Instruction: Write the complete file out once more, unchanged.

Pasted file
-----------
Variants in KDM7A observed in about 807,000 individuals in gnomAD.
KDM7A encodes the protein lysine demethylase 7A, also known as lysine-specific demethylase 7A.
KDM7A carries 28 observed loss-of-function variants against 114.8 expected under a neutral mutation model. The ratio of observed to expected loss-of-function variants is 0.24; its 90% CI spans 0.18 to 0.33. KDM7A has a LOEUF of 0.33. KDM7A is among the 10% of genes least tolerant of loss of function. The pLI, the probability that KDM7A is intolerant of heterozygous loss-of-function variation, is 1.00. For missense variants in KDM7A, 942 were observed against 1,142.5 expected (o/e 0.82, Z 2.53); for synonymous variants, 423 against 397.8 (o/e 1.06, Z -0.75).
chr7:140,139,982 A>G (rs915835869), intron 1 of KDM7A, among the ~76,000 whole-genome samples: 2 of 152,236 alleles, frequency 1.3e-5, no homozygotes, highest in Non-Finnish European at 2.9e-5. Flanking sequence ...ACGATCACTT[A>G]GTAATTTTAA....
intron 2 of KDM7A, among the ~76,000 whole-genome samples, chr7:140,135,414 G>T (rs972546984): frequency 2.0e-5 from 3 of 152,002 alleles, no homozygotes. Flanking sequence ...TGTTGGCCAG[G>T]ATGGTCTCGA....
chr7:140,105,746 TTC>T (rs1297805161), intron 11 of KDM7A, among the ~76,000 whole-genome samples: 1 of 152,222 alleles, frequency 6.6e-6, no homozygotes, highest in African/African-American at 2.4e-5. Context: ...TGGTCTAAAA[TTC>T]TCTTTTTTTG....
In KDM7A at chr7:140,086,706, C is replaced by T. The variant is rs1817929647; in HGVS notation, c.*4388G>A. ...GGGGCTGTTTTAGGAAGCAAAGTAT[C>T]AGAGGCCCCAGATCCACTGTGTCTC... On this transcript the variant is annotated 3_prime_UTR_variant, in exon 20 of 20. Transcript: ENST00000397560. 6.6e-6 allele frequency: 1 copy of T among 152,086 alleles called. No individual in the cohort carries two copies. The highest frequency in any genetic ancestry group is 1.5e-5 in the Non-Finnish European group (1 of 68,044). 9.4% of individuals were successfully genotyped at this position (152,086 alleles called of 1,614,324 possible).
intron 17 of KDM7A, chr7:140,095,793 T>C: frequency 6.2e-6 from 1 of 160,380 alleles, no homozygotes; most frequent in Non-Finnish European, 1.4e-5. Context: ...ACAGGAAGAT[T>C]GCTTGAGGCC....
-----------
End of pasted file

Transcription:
Variants in KDM7A observed in about 807,000 individuals in gnomAD.
KDM7A encodes the protein lysine demethylase 7A, also known as lysine-specific demethylase 7A.
KDM7A carries 28 observed loss-of-function variants against 114.8 expected under a neutral mutation model. The ratio of observed to expected loss-of-function variants is 0.24; its 90% CI spans 0.18 to 0.33. KDM7A has a LOEUF of 0.33. KDM7A is among the 10% of genes least tolerant of loss of function. The pLI, the probability that KDM7A is intolerant of heterozygous loss-of-function variation, is 1.00. For missense variants in KDM7A, 942 were observed against 1,142.5 expected (o/e 0.82, Z 2.53); for synonymous variants, 423 against 397.8 (o/e 1.06, Z -0.75).
chr7:140,139,982 A>G (rs915835869), intron 1 of KDM7A, among the ~76,000 whole-genome samples: 2 of 152,236 alleles, frequency 1.3e-5, no homozygotes, highest in Non-Finnish European at 2.9e-5. Flanking sequence ...ACGATCACTT[A>G]GTAATTTTAA....
intron 2 of KDM7A, among the ~76,000 whole-genome samples, chr7:140,135,414 G>T (rs972546984): frequency 2.0e-5 from 3 of 152,002 alleles, no homozygotes. Flanking sequence ...TGTTGGCCAG[G>T]ATGGTCTCGA....
chr7:140,105,746 TTC>T (rs1297805161), intron 11 of KDM7A, among the ~76,000 whole-genome samples: 1 of 152,222 alleles, frequency 6.6e-6, no homozygotes, highest in African/African-American at 2.4e-5. Context: ...TGGTCTAAAA[TTC>T]TCTTTTTTTG....
In KDM7A at chr7:140,086,706, C is replaced by T. The variant is rs1817929647; in HGVS notation, c.*4388G>A. ...GGGGCTGTTTTAGGAAGCAAAGTAT[C>T]AGAGGCCCCAGATCCACTGTGTCTC... On this transcript the variant is annotated 3_prime_UTR_variant, in exon 20 of 20. Transcript: ENST00000397560. 6.6e-6 allele frequency: 1 copy of T among 152,086 alleles called. No individual in the cohort carries two copies. The highest frequency in any genetic ancestry group is 1.5e-5 in the Non-Finnish European group (1 of 68,044). 9.4% of individuals were successfully genotyped at this position (152,086 alleles called of 1,614,324 possible).
intron 17 of KDM7A, chr7:140,095,793 T>C: frequency 6.2e-6 from 1 of 160,380 alleles, no homozygotes; most frequent in Non-Finnish European, 1.4e-5. Context: ...ACAGGAAGAT[T>C]GCTTGAGGCC....